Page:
Then, if he sent Truman to the talk shows to argue that starting a second war against a country that was not part of World War II was a great idea. That we should be busy fighting the Chinese instead of fighting the Japanese and the Germans. I imagine they would have been thrown out of office immediately. But since Iraqis look like "the terrorists" we think we're fighting, I guess attacking the wrong country these days while we're in the middle of the war on terror is no big deal.

Or could you imagine if President Clinton said after the Oklahoma bombing that we were going to invade Iraq because of the global war on terror? Iraq was as tied to 9/11 as it was to the Oklahoma City bombing. But since it was mainly Saudis who carried out the terror on 9/11 and white people who carried out the terror in Oklahoma City, invading Iraq in one case makes sense but doesn't in the other?

Knowing what we know now, isn't it obvious that there would have been a much smaller, if not nonexistent, presence of al-Qaeda in Iraq if we had not invaded? That there would have been far less acts of terror in Iraq and throughout the Middle East if we had not invaded? Even the CIA has acknowledged that we have created more terrorism through the invasion than we have stifled. Given these obvious mistakes, couldn't we at least expect our elected officials to admit we have made a grave error in launching this attack, even if they still hold on to the delusion that it was all an honest mistake?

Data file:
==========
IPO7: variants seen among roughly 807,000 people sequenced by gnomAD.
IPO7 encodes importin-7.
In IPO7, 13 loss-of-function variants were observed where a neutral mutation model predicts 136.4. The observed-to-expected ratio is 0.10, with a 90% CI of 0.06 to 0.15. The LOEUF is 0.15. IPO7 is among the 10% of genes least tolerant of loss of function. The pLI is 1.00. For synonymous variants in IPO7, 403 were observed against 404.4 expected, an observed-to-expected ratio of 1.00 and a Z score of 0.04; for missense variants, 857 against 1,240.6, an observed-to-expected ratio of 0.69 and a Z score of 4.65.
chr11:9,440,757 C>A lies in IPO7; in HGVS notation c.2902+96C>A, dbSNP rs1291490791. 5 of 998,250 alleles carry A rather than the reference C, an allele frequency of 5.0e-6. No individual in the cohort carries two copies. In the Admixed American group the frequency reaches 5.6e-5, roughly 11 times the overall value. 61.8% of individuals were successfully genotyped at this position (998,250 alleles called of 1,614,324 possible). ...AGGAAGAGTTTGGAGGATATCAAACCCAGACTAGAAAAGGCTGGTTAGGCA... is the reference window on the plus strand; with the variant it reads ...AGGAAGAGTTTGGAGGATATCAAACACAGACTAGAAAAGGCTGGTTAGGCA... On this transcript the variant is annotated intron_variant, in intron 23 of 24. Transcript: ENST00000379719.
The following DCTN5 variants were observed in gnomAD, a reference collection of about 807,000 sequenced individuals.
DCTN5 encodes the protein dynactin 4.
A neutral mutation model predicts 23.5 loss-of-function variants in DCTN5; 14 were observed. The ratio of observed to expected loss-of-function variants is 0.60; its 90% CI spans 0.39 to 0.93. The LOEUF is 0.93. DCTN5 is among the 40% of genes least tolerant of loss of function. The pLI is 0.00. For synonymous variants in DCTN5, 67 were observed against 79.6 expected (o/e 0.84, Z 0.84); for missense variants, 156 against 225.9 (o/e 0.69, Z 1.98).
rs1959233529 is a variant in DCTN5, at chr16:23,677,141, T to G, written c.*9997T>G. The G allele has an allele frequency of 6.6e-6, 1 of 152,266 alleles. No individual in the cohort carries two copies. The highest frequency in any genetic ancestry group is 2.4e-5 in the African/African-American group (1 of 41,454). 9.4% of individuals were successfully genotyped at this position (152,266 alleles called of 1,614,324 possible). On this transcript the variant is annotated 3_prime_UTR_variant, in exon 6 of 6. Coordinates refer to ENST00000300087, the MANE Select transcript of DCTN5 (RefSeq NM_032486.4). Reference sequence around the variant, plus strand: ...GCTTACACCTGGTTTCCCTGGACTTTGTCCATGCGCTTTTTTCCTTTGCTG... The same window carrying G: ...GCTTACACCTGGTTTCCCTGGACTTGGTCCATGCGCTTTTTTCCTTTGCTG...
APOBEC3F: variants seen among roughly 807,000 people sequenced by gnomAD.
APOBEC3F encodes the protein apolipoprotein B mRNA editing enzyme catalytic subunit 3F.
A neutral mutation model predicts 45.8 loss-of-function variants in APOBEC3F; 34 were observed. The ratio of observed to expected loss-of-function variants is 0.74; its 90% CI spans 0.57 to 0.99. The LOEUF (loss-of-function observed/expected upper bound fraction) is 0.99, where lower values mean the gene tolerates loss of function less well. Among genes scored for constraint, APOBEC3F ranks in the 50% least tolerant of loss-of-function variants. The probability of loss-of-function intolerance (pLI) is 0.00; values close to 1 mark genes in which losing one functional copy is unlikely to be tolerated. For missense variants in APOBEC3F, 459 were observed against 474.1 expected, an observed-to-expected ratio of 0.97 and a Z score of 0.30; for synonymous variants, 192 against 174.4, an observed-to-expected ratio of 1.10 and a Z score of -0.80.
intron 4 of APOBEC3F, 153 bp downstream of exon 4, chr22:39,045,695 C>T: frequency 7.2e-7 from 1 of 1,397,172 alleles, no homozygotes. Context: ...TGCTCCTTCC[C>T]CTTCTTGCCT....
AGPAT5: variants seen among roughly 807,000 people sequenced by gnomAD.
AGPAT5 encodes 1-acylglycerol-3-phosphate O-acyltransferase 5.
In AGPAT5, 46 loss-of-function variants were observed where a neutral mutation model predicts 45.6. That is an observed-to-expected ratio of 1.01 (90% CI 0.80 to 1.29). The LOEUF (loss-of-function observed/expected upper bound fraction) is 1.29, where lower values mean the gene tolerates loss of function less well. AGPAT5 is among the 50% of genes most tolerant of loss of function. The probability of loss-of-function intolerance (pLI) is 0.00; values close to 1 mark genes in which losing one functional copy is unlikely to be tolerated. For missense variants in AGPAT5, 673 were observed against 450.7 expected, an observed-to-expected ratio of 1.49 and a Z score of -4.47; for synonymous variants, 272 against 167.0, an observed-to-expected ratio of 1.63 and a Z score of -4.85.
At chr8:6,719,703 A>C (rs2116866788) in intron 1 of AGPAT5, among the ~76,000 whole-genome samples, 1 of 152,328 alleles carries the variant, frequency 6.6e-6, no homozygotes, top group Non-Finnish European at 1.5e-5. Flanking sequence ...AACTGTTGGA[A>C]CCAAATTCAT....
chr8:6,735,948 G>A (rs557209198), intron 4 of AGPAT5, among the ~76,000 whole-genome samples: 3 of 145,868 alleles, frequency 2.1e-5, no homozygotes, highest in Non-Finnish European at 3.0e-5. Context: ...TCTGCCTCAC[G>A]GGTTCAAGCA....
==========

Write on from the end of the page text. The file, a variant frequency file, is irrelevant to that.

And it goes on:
Perhaps they are holding on to the third reason for invading as the one thing that will come to the rescue of their folly. I don't remember any grand speeches about democracy in Iraq before the invasion. Nonetheless, let's be charitable again and say that was their secret intent and that they thought we were too dense to comprehend such a global worldview (I believe the neocons did actually believe this, so I don't think we're being too charitable in thinking they had the intention of deceiving us for what they viewed to be our own good).

So, whatever became of this democracy? Now that we have had two and a half years of "tremendous progress" in the Iraqi political process, we should have less terrorism in Iraq, right? Apparently not, US government analysts told the Los Angeles Times recently that they realize the insurgency has not weakened as "democracy" has taken hold in Iraq.